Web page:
Three Students Named Vanier Scholars

May 11, 2009 - News Release

Three University of Guelph PhD students have received inaugural Vanier Canada Graduate Scholarships, the most prestigious doctoral awards in Canada. Worth $50,000 a year for up to three years, the scholarships are awarded to the world's leading students from Canada and abroad.

Tal Avgar, Sherilee Harper and Tristan Pearce were among the 166 recipients announced recently by Gary Goodyear, minister of state (science and technology).

The highly competitive awards were created by the federal government in 2008 to attract and retain world-class doctoral students. Nominees are evaluated by multidisciplinary peer-review committees and selected by a group of world-renowned Canadian and international experts.

The scholarships are administered by Canada’s three federal research granting agencies — the Canadian Institutes of Health Research (CIHR), the Natural Sciences and Engineering Research Council (NSERC) and the Social Sciences and Humanities Research Council (SSHRC).Once at capacity, the program will support up to 500 new students annually.

"I am proud and honoured to have been chosen as one of the first scholarship recipients," said Avgar, an integrative biology PhD student who received an NSERC-supported award. He is working with Prof. John Fryxell and is studying movement patterns, habitat selection and range delineation in woodland caribou.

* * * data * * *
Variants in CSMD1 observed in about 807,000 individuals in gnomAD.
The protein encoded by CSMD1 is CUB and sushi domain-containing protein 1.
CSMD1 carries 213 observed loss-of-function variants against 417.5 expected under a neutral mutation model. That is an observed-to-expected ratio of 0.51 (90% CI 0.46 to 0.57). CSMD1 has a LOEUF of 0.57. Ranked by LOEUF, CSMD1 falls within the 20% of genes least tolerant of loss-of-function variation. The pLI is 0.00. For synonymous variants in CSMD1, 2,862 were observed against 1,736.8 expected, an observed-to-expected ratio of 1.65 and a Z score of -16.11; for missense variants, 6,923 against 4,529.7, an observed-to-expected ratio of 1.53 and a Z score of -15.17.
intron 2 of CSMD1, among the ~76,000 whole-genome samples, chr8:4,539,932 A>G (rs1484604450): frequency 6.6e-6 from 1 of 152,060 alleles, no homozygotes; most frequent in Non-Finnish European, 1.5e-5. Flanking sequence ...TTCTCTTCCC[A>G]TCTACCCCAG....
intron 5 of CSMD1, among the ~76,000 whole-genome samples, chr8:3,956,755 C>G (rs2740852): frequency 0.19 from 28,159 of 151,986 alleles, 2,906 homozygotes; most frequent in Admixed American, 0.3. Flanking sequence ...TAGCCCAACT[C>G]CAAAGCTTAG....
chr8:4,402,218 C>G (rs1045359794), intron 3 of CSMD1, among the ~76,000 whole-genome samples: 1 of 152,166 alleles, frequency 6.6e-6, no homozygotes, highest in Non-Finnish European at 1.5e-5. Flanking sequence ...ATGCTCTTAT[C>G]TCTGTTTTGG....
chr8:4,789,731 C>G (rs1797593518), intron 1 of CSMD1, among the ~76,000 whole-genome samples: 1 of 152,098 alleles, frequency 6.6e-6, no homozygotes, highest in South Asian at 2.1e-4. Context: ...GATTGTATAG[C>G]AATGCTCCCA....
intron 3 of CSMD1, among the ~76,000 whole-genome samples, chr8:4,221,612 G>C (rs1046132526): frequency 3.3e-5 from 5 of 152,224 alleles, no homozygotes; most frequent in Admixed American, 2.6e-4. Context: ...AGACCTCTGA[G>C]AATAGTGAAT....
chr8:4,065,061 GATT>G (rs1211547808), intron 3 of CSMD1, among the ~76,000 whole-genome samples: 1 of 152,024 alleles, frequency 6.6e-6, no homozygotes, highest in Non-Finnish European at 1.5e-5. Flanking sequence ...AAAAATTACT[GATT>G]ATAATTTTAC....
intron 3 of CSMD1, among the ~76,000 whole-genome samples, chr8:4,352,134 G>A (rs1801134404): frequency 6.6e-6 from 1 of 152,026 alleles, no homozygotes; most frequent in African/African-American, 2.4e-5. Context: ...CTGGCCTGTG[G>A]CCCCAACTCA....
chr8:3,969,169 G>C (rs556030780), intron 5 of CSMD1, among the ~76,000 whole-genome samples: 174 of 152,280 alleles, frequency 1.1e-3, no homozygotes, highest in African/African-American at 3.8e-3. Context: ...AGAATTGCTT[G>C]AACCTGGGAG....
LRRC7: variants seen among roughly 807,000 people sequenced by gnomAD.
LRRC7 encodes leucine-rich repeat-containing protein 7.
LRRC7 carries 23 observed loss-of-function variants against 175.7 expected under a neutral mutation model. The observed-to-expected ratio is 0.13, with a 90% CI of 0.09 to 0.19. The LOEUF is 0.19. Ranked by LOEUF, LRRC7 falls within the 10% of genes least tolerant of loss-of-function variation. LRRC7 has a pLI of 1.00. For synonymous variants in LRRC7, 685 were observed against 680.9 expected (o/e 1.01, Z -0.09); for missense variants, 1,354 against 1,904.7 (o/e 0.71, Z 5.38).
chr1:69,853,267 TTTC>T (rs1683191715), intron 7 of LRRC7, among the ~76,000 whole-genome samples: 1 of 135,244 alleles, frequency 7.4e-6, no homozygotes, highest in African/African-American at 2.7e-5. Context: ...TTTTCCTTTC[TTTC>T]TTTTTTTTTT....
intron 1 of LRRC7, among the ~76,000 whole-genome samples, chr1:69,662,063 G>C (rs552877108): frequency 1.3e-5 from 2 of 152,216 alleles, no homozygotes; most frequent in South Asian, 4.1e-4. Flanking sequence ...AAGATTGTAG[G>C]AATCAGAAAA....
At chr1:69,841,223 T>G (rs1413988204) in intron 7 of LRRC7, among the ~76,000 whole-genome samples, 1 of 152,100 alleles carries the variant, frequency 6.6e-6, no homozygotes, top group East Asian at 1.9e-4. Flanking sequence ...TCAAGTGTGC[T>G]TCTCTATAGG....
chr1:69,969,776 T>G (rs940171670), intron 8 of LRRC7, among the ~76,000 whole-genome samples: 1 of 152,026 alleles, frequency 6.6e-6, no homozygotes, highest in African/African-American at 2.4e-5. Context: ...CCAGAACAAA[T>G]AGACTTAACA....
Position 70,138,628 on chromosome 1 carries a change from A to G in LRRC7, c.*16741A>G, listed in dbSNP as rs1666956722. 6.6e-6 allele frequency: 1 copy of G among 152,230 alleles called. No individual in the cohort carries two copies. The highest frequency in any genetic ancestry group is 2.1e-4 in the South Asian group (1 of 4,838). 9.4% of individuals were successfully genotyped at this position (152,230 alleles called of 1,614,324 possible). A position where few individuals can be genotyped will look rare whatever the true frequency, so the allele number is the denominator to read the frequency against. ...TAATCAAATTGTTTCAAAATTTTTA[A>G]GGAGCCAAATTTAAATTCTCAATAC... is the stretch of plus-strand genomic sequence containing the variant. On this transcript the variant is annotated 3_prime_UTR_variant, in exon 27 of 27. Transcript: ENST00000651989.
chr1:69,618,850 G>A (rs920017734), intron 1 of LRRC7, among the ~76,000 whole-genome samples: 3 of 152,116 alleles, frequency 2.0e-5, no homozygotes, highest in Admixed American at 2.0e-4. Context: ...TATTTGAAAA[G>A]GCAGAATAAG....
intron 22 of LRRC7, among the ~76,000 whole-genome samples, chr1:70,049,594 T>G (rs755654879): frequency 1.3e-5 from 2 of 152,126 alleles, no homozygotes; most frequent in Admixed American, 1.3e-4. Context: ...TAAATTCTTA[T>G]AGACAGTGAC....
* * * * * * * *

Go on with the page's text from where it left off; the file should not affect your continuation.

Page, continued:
"My goals are to provide decision-makers with predictive tools for caribou conservation while promoting a mechanistic cognitive approach to the study of animal movement," said Avgar. "The Vanier award will go a long way in providing me with the time and resources I need to pursue these goals."

With her CIHR-funded award, Harper plans to investigate the potential impacts of climate change on surface drinking-water quality and infectious gastrointestinal illness in Inuit Nunaat. She'll be advised by population medicine professor Scott McEwen and adjunct professor Victoria Edge of the Public Health Agency of Canada.

"It's wonderful to know that CIHR recognizes the importance of this specific area of research, as well as this particular approach to health research," says Harper. "II am very excited about the opportunities this award presents. The department and its collaboration with the Public Health Agency of Canada provide a rich and vibrant learning environment, allowing me to continue developing the skills and abilities that will help me make meaningful contributions to the health field."

Pearce calls his SSHRC-supported award "an ultimate honour." Working with geography professor Barry Smit, he will be studying the transmission of environmental knowledge and land skills among Inuit in adaptation to climate change. As an associate researcher with U of G's Global Environmental Change Group, Pearce has been conducting research in Ulukhaktok, a small coastal Inuit community on the west coast of Victoria Island, analyzing the vulnerabilities of the people and their livelihoods to climate change.

"Being named an inaugural Vanier Scholar gives me the opportunity to pursue my doctorate research in the Canadian Arctic to its full potential and an opportunity to help advance adaptation planning for climate change in the Arctic and Canada."

For media questions, contact Communications and Public Affairs: Lori Bona Hunt, 519-824-4120, Ext. 53338/, or Barry Gunn, Ext. 56982/

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